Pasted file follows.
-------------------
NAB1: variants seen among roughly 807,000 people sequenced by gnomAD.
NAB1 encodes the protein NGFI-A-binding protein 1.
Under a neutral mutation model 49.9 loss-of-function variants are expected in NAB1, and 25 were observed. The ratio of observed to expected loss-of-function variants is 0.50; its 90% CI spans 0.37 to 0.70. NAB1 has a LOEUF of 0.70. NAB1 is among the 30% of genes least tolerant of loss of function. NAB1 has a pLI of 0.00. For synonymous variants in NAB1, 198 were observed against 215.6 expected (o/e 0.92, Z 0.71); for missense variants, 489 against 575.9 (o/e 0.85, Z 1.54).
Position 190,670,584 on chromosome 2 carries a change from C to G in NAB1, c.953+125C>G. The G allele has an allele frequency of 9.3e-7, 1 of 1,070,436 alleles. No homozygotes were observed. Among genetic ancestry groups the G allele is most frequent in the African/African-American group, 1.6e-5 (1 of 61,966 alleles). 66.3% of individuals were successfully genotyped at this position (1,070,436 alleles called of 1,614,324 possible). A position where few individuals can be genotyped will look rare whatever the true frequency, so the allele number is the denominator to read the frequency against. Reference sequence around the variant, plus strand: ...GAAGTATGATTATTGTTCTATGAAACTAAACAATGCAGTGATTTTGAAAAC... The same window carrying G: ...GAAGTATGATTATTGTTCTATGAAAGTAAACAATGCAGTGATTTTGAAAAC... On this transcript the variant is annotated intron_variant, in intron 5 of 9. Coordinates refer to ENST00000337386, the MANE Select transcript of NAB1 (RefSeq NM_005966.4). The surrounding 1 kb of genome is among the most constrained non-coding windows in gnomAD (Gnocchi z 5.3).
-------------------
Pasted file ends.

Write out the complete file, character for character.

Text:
NAB1: variants seen among roughly 807,000 people sequenced by gnomAD.
NAB1 encodes the protein NGFI-A-binding protein 1.
Under a neutral mutation model 49.9 loss-of-function variants are expected in NAB1, and 25 were observed. The ratio of observed to expected loss-of-function variants is 0.50; its 90% CI spans 0.37 to 0.70. NAB1 has a LOEUF of 0.70. NAB1 is among the 30% of genes least tolerant of loss of function. NAB1 has a pLI of 0.00. For synonymous variants in NAB1, 198 were observed against 215.6 expected (o/e 0.92, Z 0.71); for missense variants, 489 against 575.9 (o/e 0.85, Z 1.54).
Position 190,670,584 on chromosome 2 carries a change from C to G in NAB1, c.953+125C>G. The G allele has an allele frequency of 9.3e-7, 1 of 1,070,436 alleles. No homozygotes were observed. Among genetic ancestry groups the G allele is most frequent in the African/African-American group, 1.6e-5 (1 of 61,966 alleles). 66.3% of individuals were successfully genotyped at this position (1,070,436 alleles called of 1,614,324 possible). A position where few individuals can be genotyped will look rare whatever the true frequency, so the allele number is the denominator to read the frequency against. Reference sequence around the variant, plus strand: ...GAAGTATGATTATTGTTCTATGAAACTAAACAATGCAGTGATTTTGAAAAC... The same window carrying G: ...GAAGTATGATTATTGTTCTATGAAAGTAAACAATGCAGTGATTTTGAAAAC... On this transcript the variant is annotated intron_variant, in intron 5 of 9. Coordinates refer to ENST00000337386, the MANE Select transcript of NAB1 (RefSeq NM_005966.4). The surrounding 1 kb of genome is among the most constrained non-coding windows in gnomAD (Gnocchi z 5.3).